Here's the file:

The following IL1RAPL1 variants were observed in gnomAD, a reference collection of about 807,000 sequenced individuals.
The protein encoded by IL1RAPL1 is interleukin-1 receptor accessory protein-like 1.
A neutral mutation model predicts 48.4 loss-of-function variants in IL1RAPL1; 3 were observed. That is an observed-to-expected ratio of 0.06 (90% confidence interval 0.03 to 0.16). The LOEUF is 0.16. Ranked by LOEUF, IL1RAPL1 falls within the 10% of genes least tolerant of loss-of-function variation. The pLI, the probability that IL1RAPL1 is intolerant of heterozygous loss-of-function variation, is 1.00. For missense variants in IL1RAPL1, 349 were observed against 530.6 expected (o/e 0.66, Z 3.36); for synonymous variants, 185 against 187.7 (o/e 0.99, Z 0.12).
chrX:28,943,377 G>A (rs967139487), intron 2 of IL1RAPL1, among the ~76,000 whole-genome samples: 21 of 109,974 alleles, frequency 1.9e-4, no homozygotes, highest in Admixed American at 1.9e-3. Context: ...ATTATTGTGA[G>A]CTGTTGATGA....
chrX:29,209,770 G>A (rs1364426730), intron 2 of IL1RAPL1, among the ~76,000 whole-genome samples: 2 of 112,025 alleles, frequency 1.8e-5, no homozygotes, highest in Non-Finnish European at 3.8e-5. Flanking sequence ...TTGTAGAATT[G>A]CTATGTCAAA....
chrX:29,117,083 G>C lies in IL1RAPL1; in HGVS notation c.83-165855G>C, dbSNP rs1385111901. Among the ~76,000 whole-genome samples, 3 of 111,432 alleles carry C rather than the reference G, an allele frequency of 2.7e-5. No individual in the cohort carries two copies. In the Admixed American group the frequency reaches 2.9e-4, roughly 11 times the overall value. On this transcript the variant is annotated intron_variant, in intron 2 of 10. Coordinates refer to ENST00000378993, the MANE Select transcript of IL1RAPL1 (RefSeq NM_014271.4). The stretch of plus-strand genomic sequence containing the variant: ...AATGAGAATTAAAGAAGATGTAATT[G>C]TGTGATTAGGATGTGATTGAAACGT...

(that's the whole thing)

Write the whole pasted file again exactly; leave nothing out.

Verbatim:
The following IL1RAPL1 variants were observed in gnomAD, a reference collection of about 807,000 sequenced individuals.
The protein encoded by IL1RAPL1 is interleukin-1 receptor accessory protein-like 1.
A neutral mutation model predicts 48.4 loss-of-function variants in IL1RAPL1; 3 were observed. That is an observed-to-expected ratio of 0.06 (90% confidence interval 0.03 to 0.16). The LOEUF is 0.16. Ranked by LOEUF, IL1RAPL1 falls within the 10% of genes least tolerant of loss-of-function variation. The pLI, the probability that IL1RAPL1 is intolerant of heterozygous loss-of-function variation, is 1.00. For missense variants in IL1RAPL1, 349 were observed against 530.6 expected (o/e 0.66, Z 3.36); for synonymous variants, 185 against 187.7 (o/e 0.99, Z 0.12).
chrX:28,943,377 G>A (rs967139487), intron 2 of IL1RAPL1, among the ~76,000 whole-genome samples: 21 of 109,974 alleles, frequency 1.9e-4, no homozygotes, highest in Admixed American at 1.9e-3. Context: ...ATTATTGTGA[G>A]CTGTTGATGA....
chrX:29,209,770 G>A (rs1364426730), intron 2 of IL1RAPL1, among the ~76,000 whole-genome samples: 2 of 112,025 alleles, frequency 1.8e-5, no homozygotes, highest in Non-Finnish European at 3.8e-5. Flanking sequence ...TTGTAGAATT[G>A]CTATGTCAAA....
chrX:29,117,083 G>C lies in IL1RAPL1; in HGVS notation c.83-165855G>C, dbSNP rs1385111901. Among the ~76,000 whole-genome samples, 3 of 111,432 alleles carry C rather than the reference G, an allele frequency of 2.7e-5. No individual in the cohort carries two copies. In the Admixed American group the frequency reaches 2.9e-4, roughly 11 times the overall value. On this transcript the variant is annotated intron_variant, in intron 2 of 10. Coordinates refer to ENST00000378993, the MANE Select transcript of IL1RAPL1 (RefSeq NM_014271.4). The stretch of plus-strand genomic sequence containing the variant: ...AATGAGAATTAAAGAAGATGTAATT[G>C]TGTGATTAGGATGTGATTGAAACGT...